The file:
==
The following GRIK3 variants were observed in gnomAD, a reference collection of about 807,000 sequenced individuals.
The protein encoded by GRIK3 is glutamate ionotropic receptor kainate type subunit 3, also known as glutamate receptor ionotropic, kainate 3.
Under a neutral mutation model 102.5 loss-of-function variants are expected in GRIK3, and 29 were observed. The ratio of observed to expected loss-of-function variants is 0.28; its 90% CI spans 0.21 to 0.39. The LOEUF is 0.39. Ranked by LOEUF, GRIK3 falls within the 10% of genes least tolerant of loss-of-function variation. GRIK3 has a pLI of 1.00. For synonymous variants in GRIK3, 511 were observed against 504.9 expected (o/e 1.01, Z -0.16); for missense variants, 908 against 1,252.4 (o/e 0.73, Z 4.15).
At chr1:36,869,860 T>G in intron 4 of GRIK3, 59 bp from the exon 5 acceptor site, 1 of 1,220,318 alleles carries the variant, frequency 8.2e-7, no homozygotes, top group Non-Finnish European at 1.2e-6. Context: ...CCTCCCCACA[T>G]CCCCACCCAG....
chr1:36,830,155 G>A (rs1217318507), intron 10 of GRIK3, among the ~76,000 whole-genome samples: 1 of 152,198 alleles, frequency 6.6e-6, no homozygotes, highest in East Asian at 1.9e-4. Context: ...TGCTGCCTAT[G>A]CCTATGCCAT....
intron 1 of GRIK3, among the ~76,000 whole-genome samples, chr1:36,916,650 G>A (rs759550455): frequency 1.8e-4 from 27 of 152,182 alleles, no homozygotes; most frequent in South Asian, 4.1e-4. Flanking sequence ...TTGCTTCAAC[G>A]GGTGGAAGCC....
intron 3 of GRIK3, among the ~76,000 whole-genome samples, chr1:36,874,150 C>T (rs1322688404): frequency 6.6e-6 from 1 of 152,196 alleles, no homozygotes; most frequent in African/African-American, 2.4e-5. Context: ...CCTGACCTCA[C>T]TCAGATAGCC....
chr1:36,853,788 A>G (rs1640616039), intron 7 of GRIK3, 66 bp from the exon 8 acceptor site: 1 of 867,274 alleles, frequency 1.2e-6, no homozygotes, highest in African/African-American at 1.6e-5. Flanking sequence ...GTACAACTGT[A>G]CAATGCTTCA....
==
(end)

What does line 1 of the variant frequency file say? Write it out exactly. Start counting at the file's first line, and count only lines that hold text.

The following GRIK3 variants were observed in gnomAD, a reference collection of about 807,000 sequenced individuals.